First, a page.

In a culture that places so much emphasis on the attainment and maintenance of physical beauty, this can be devastating. For a woman used to the attention of men, intimate friends as well as strangers, sudden invisibility can come as a depressing shock.”
– The knitting sutra: craft as a spiritual practice – Susan Gordon Lydon.
I’d be lying if I said it wasn’t depressing at times and that my ego didn’t get bruised, but once you get over the depressing shock of it, it is indeed a liberating experience.
The advantages of being invisible outweight the down sides. I may be not so invisible yet that I can sneak in anywhere completely unnoticed (I’m hoping to get there in about 10-15 years or so), but I can sit back and observe a lot of things without being noticed. My see-through status allows me to see a lot of teenagers and young women – just like the one I used to be – being in that common situation where they become paranoid/overly self-conscious because people often can’t stop looking at them. They walk about with the feeling that they are constantly being watched and scrutinised by their peers and by men (of all ages). They haven’t found themselves, yet they put this pressure on themselves: trying to mirror back to others the reflection they want to see in an attempt at meeting their expectations. It’s all very exhausting.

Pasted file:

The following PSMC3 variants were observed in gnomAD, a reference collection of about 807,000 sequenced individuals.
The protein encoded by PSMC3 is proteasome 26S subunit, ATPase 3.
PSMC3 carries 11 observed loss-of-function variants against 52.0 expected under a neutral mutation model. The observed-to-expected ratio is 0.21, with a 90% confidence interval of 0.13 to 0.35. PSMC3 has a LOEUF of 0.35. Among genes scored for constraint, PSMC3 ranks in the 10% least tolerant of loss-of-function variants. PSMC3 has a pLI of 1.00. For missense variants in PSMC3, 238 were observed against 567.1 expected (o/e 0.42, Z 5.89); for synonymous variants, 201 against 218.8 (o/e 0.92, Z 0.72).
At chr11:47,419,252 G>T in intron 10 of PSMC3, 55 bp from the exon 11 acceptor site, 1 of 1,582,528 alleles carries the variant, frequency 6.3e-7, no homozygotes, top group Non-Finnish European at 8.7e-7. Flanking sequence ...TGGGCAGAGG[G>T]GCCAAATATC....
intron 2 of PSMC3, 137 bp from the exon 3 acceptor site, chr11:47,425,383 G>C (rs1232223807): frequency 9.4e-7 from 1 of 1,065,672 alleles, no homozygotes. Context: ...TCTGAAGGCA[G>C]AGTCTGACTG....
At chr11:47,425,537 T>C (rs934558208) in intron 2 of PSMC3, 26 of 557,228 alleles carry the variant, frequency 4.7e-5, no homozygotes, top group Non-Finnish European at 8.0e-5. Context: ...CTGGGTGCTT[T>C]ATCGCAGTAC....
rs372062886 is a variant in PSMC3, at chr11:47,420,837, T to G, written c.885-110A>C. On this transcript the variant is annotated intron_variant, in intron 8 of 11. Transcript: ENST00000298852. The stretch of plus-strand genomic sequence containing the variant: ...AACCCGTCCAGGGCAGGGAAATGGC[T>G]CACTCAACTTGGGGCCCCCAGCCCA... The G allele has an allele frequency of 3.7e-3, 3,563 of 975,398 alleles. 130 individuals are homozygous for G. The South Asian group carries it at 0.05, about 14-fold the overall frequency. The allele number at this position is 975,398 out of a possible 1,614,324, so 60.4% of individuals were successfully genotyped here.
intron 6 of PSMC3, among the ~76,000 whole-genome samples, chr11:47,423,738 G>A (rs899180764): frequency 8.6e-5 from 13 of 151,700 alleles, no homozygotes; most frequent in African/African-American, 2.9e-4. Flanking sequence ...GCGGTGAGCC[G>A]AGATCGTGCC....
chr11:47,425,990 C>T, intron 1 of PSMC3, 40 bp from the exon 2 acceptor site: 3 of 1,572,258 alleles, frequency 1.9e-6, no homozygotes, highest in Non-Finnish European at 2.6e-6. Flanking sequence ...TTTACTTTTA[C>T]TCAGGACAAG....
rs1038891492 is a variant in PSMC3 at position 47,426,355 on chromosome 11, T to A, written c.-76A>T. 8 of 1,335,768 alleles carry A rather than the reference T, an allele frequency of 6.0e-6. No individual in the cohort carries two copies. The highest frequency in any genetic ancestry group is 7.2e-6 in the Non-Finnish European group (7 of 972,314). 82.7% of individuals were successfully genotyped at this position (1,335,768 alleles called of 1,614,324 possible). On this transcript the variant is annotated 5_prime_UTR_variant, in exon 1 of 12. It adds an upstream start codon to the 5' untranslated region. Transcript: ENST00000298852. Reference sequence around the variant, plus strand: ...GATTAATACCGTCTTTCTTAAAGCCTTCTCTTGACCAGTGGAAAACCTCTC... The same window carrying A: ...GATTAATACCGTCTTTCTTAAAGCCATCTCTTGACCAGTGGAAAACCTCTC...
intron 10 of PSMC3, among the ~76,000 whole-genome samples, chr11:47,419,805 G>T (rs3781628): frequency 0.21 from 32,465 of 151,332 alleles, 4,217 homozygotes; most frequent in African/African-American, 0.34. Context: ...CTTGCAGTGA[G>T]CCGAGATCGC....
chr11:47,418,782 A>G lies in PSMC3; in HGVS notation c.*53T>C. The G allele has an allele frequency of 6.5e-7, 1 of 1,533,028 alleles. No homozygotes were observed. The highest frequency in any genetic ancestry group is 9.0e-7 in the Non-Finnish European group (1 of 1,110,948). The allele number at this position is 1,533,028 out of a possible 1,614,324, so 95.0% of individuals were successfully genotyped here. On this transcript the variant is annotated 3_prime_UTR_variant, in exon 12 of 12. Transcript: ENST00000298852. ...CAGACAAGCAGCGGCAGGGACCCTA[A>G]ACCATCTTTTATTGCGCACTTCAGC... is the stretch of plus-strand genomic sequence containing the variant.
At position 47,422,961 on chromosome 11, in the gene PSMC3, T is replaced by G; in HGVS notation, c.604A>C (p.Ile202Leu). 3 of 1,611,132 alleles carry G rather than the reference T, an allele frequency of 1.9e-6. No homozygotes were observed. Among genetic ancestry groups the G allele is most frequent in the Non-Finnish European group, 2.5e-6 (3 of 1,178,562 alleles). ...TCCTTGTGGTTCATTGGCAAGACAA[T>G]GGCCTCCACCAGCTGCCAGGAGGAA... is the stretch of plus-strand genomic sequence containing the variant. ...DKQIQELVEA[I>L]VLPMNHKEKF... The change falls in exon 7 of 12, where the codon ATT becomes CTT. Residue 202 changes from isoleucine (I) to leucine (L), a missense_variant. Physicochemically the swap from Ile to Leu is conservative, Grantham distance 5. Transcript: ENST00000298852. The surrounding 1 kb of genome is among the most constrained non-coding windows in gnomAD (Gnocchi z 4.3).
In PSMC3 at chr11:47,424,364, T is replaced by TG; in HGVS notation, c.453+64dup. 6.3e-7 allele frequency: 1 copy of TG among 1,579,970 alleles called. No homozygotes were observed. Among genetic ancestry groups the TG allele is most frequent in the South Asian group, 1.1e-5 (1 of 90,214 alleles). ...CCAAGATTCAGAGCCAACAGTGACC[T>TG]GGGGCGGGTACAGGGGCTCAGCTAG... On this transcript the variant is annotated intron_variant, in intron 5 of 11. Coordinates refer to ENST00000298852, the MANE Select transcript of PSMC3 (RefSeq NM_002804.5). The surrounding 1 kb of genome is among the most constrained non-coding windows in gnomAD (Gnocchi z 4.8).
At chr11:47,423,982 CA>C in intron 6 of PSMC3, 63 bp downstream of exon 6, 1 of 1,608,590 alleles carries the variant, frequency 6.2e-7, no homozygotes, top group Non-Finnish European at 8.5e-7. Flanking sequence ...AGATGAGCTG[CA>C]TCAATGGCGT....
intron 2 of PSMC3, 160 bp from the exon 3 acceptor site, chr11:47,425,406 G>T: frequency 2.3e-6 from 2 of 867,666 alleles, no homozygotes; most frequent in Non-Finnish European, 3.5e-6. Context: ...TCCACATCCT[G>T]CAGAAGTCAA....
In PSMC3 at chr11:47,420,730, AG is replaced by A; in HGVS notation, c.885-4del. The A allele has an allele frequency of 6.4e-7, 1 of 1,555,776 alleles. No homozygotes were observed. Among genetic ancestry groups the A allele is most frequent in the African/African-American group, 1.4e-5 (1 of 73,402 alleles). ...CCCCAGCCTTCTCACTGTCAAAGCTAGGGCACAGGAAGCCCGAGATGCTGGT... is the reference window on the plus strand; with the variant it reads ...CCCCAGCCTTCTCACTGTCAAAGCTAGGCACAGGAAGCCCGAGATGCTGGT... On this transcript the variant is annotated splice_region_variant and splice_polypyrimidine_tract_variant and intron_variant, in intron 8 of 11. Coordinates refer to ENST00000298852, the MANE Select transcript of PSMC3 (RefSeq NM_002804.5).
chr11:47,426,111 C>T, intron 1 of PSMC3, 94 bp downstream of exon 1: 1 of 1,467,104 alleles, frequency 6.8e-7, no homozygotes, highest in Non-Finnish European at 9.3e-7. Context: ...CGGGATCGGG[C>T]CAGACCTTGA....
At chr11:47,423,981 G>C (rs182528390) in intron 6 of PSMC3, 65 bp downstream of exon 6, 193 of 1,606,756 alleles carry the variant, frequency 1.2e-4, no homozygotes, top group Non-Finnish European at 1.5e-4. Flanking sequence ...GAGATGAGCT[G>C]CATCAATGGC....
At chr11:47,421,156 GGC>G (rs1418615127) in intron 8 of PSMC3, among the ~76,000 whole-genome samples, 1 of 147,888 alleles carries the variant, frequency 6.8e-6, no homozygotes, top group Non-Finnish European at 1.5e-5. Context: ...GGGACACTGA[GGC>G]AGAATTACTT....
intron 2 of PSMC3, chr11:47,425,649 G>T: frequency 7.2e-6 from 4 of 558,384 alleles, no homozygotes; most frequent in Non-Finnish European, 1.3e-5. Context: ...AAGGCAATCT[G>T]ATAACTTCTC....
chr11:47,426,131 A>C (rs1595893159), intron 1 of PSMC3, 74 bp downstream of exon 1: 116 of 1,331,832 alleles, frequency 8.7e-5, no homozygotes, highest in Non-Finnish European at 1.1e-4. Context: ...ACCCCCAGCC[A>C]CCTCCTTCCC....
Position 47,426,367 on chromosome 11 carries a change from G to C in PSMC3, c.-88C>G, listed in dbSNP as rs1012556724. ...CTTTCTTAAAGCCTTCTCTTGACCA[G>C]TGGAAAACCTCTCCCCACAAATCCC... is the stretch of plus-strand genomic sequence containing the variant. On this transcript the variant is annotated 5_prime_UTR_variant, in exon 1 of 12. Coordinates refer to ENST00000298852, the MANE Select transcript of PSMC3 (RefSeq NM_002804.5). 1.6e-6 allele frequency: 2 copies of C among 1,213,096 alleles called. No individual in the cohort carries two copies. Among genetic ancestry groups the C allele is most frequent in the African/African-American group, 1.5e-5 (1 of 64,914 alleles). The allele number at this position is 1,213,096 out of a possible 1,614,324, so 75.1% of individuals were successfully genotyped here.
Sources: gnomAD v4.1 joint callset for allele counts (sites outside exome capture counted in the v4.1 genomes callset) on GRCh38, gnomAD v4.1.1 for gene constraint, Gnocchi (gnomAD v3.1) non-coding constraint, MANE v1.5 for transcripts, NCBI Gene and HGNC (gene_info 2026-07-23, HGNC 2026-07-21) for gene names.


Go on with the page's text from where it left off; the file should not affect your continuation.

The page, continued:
Not having to feel like that is very liberating.
You realise that there are a lot of good things about ageing and (slowly but surely) progressing towards middle age which can make it worth losing your younger looking self.
Now I tend to feel more content, more at peace with myself. You go beyond the pressure I mentioned above and you permit yourself to simply be yourself and to do what you like. Like Joseph Campbell said:
“When you follow your bliss… doors will open where you would not have thought there would be doors, and where there wouldn’t be a door for anyone else. ”
Rewind a few years back when the doors of motherhood opened before you, and you became entirely of service to somebody else. Back then your world was turned upside down as you questioned every single one of your beliefs, while you were reflecting on what is essential and what isn’t and what you want to pass on to your child(ren).
Ever since that very first day you tried your best to hold it – the family – together, to make sure your kids feel that they learn to walk on a strong and steady rock and not on the sinking sands you sometimes get stuck in, in your own heads.